Poultney was chartered in 1761 when Royal Governor Benning Wentworth, in the name of King George the Third, granted 61 proprietors equal shares in a township six miles square “for the due encouragement of settling a new plantation within Our said Province (of New Hampshire).” Governor Wentworth had made 16 of these “New Hampshire Grants” in what is now Vermont before 1761, most of them east of the Green Mountains; in 1761, he made 60 grants, many of them west of the Greens, including Poultney.
Most of the Poultney grantees were at the time residents of Litchfield County, Connecticut, and Berkshire County, Massachusetts. In exchange for the land, the grantees were required to pay “the rent of one ear of Indian corn only, on the 25th day of December, annually,” for ten years, and one shilling per 100 acres held thereafter. In addition the proprietors were required to cultivate 5 acres for every 50 they owned and reserve white and other pines of a certain size for masts for the Royal Navy.
This was a period of great land speculation with rival claims of ownership by New York as well as New Hampshire. The famous Ethan Allen, of Green Mountain Boys fame, along with his brothers, was in the thick of the speculation as well as resistance to the “Yorkites.” At the end of the decade, fully one third of the land in Poultney belonged to an Allen. Only two of the grantees named in the original charter actually ever settled here.
At the last annual proprietors meeting in Connecticut, in February, 1772, Ethan Allen was elected Proprietors’ Clerk, and the meeting was adjourned until April to the Poultney home of Heber Allen, Ethan’s brother.
The first settlers, who had come in April, 1771, and built shanties near the present-day main intersection in Poultney, were Ebenezer Allen, a cousin of Ethan, and Thomas Ashley, an Allen in-law. At the first town meeting, on March 8, 1775, the First Town Clerk was elected – Heber Allen.
At the Centennial Celebration of Poultney’s Charter in 1861, Poultney resident Henry Clark commented on the severe privations and hardships these early settlers endured. “None but those who saw, suffered and endured can form an adequate idea of the same. They all, at first, built log houses. In some instances, families moved into these houses before the roof was on, even in winter. Many furnished themselves with bedsteads, tables and chairs made from poles and slabs, and put together with no other implements but the axe and auger. For a fireplace, a stone buck was built up, and a hearth laid at one end, or one side, of the house, with such stones as they could get from the lands.
“After the first year, with a little corn, they raised wheat, and some kept a cow, which ran in the woods. For the first few years they had to go to Manchester to mill* , some thirty miles distant. Soon a mill was built in Pawlet, by Mr. Fitch; this shortened the distance to mill about one half, which was considered a great convenience. Nehemiah Howe built the first grist-mill in Poultney, which was erected at the falls, where the east village now is, some little time before 1777.”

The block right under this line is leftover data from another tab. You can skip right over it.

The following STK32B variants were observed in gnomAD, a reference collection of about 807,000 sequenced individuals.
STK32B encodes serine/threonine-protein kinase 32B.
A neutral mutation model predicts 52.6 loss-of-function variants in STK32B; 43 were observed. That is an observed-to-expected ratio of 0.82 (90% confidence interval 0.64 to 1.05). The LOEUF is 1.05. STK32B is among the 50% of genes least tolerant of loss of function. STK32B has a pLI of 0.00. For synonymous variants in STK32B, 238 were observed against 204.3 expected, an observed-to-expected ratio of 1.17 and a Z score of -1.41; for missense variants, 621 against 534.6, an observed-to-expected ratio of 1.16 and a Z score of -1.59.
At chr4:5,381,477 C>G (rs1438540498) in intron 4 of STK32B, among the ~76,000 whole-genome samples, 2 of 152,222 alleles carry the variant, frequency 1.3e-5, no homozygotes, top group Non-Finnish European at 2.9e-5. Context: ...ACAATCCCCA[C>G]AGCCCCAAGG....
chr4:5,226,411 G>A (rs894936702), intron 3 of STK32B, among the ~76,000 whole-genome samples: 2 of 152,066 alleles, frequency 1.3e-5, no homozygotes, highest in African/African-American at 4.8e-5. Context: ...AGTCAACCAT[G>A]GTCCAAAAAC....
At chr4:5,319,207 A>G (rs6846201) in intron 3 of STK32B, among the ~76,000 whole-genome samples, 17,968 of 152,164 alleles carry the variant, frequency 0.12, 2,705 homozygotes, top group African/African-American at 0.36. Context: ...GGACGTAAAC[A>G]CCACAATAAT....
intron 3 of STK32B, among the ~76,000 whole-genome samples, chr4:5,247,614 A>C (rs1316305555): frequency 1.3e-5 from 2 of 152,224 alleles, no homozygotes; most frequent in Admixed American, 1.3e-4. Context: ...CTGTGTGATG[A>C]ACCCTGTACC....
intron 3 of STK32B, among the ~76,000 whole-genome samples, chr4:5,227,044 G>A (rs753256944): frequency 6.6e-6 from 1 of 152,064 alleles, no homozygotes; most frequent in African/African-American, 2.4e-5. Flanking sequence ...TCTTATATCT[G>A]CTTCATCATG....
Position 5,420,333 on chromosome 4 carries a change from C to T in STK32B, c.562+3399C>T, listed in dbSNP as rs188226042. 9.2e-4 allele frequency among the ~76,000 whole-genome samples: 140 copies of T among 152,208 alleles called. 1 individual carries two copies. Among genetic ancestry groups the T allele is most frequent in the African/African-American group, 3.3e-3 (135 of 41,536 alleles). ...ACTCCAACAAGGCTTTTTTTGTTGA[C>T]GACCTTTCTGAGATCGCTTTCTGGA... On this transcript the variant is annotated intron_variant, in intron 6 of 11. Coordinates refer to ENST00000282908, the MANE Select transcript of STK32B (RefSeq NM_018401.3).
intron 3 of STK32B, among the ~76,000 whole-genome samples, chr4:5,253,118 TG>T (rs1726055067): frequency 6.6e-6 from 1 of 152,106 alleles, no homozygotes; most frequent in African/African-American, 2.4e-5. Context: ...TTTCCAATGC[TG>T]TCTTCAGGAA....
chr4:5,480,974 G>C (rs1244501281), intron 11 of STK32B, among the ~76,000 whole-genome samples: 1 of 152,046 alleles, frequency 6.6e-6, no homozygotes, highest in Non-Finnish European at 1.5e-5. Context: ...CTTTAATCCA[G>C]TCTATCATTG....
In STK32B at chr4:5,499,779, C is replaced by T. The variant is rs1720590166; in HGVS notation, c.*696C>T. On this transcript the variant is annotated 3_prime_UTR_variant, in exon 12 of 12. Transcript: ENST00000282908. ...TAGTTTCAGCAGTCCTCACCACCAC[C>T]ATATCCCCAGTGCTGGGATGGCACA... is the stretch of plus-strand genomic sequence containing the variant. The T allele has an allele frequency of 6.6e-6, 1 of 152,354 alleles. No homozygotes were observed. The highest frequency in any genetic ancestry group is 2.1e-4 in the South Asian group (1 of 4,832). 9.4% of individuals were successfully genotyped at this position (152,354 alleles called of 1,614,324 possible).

As Joslin & Frisbee wrote in the 1875 History of Poultney, “At this day we should irresistibly come to the conclusion that a settlement … [in Poultney] … would be a fool-hardy project. Extremely poor, … [the settlers] … came into a wilderness hitherto uninhabited by the white man, and undertook the clearing up of the forest, making for themselves homes, and establishing civilized society In addition to this Herculean task, they soon found themselves at war with the New York claimants, who persisted in their rights to the land; and soon, too, they were involved in the Revolutionary struggle.”
The Allens, the Ashleys and the Green Mountain Boys were successful in resisting the Yorkites and became famous for the taking of Fort Ticonderoga from the British early in the Revolutionary War. Poultney men accompanied Ethan Allen and Benedict Arnold in taking the Fort. It is reported that as Allen entered the room of the commander, Poultney resident Thomas Ashley was the man next to him and stood watch at the head of the stairs.
After the Declaration of Independence, Poultney men participated in a series of state-wide conventions that culminated in January, 1777, with the adoption of the Vermont Declaration of Independence, which declared “that the district of territory known by the name and description of the New Hampshire Grants, is, and of right ought to be, considered as a free and independent jurisdiction or State, by the name, and forever hereafter to be called, known and distinguished by the name of New Connecticut, alias Vermont.”
Vermont remained independent until 1791, when it joined the Union as the 14th state.
*Joslin & Frisbee comment in the 1875 History of Poultney, ”It will now seem incredible when we say that many of the settlers went to Manchester and Pawlet mills on foot, and carried their grain, meal and flour to and from on their shoulders; but such were the facts, and we have one instance in which a man took a hundred pounds of iron upon his shoulders, carried the same to Manchester, and exchanged for its equivalent in meal, and brought that to his home in Poultney on his shoulders. The man’s name is forgotten, but there is no doubt of the fact.” Thanks to Professor Kari Winter’s republishing of his memoirs, we now know the man’s name was Jeffrey Brace.